· Any novice who has also qualified for F1 will be going onto the track for the first time with an open class car, not fair on them or anyone else in their heats
· Any novice who has also qualified for F1 will have a major advantage over other racers, who have not qualified in F1, in production
· With the old programme many senior racers assisted novices, not to mention helping out marshalling. They may now be inclined to get back to their accommodation and out for a meal, leaving the novices and race controllers to fend for themselves
· Novices will not know what time to turn up for racing and could be left standing around for ages before they race, not being particularly impressed, or not turning up at all
3. Eurosport Qualifying
· All the classes at the Nationals are independent of each other, and there is every chance that some racers will not have qualified for all three classes and will be at an unfair disadvantage
· Some racers may not be in a position to attend all three days and will be at an unfair disadvantage
· Due to no fault of your own in the previous classes (being taken out by someone else, marshalled into the wrong lane, etc), you could be disadvantaged in Eurosport from the start
· It is therefore not acceptable that a racer’s chances in Eurosport can be restricted due to events in separate classes.
Overall, Area 6 members, feel the changes that have been made have been done so without any consultation of the membership and most definitely do not benefit the majority of the membership. When people embark on the qualifying process, (as early as September in some areas) they should know where, when and how the Nationals will be run. Whilst people can fully understand the problems with securing a venue for the Bank Holiday weekend, two of those things have now been changed, making it unfair to the membership and not commensurate with encouraging new, novice racers. There are at least five members in area 6 who would have attended the nationals this year, if some of the issues had been sorted before the qualifying started. This has cost the BSCRA membership, numbers and revenue, and I urge you to reconsider your changes and the way in which they are implemented in the future.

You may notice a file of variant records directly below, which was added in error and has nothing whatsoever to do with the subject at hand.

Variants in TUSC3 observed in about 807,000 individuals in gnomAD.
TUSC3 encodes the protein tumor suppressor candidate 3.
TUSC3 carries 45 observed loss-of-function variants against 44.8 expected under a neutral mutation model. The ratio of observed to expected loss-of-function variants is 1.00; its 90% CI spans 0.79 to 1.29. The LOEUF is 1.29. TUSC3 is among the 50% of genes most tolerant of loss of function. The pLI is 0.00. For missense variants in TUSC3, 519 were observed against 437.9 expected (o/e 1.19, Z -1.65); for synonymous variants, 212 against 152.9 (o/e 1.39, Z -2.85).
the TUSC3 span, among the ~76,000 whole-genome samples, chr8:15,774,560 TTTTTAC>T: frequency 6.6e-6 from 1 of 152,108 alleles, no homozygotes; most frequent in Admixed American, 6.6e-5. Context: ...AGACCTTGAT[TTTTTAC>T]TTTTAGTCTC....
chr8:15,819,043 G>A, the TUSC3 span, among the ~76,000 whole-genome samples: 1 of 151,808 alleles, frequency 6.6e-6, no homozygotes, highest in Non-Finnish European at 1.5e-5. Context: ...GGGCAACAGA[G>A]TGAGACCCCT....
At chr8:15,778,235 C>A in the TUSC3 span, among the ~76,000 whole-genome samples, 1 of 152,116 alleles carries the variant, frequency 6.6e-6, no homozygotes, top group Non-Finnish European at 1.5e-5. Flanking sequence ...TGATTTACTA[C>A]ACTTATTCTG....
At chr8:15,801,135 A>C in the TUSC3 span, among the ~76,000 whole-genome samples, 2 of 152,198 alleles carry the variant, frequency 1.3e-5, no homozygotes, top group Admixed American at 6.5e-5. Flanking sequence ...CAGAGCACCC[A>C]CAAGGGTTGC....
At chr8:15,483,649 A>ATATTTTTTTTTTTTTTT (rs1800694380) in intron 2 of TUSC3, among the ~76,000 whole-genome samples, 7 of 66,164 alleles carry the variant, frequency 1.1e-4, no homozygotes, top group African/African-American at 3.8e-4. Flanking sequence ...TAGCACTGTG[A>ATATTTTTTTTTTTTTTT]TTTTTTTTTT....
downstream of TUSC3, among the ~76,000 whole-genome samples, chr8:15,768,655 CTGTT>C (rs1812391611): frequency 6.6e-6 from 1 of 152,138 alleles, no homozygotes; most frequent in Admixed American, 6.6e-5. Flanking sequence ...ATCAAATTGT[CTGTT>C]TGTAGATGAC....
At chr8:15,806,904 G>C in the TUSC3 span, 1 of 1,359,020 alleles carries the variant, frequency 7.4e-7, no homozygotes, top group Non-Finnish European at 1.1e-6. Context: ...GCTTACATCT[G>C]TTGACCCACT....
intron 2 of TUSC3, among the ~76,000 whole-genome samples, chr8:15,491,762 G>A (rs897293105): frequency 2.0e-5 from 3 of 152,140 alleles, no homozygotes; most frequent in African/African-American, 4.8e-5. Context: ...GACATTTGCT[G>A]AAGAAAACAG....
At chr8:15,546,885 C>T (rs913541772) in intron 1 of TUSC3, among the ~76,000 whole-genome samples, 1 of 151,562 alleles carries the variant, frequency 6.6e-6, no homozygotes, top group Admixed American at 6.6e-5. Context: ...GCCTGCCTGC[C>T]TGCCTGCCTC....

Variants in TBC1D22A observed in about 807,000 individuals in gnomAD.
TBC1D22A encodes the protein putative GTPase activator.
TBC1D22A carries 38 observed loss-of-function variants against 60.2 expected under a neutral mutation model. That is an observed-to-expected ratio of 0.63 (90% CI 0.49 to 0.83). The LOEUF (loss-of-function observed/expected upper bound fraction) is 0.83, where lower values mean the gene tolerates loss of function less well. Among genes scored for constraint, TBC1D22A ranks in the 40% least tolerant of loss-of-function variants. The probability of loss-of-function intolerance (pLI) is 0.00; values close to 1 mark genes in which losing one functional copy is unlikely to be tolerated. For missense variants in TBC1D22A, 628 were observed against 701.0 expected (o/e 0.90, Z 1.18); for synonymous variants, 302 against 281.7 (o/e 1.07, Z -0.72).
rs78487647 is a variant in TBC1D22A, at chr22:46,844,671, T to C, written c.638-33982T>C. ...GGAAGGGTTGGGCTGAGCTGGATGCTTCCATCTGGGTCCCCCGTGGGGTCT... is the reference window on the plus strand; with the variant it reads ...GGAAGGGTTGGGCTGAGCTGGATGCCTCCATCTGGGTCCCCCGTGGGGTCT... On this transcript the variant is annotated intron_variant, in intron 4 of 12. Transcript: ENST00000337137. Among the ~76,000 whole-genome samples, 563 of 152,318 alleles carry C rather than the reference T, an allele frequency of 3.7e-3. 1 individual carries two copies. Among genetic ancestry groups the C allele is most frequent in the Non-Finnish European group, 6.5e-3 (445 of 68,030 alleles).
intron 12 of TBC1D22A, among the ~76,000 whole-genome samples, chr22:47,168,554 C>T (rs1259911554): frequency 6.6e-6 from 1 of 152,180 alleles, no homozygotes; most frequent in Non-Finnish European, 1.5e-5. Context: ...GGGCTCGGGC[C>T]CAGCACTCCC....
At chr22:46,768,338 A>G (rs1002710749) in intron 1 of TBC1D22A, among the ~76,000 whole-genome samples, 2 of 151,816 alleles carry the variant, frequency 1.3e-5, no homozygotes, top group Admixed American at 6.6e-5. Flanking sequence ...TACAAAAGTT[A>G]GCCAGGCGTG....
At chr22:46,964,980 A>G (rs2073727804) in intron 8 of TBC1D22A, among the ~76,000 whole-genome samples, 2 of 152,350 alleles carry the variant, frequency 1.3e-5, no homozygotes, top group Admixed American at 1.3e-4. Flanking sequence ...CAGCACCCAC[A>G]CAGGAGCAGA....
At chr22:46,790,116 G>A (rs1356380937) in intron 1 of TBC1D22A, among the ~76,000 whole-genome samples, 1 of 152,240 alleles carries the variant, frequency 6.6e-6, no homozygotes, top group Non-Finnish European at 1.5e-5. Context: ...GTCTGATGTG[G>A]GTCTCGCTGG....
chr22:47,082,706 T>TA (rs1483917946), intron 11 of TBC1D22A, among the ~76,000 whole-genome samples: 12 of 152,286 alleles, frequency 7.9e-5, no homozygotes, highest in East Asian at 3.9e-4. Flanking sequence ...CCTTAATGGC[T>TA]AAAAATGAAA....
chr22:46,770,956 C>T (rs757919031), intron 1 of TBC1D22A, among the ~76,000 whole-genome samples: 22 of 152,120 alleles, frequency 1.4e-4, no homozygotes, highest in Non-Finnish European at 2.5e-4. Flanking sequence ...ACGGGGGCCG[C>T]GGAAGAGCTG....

Please can you respond to the above issues and reconsider the views of the membership, who clearly feel passionate about BSCRA Slot Car Racing, as they pay their membership in the hope of the BSCRA representing them in a democratic and fair manner.
Thanks for your mail. Chris F is away on holiday at the moment so I will reply on behalf of the Council. As much of your letter is a verbatim copy of a mail I have received from someone else I will copy and paste my replies to him in some cases, and I will also use material from Chris which he has used in replying to similar queries. I have also taken to opportunity to analyse last year's entry at the nationals in some detail, and the figures I quote are based on my analysis.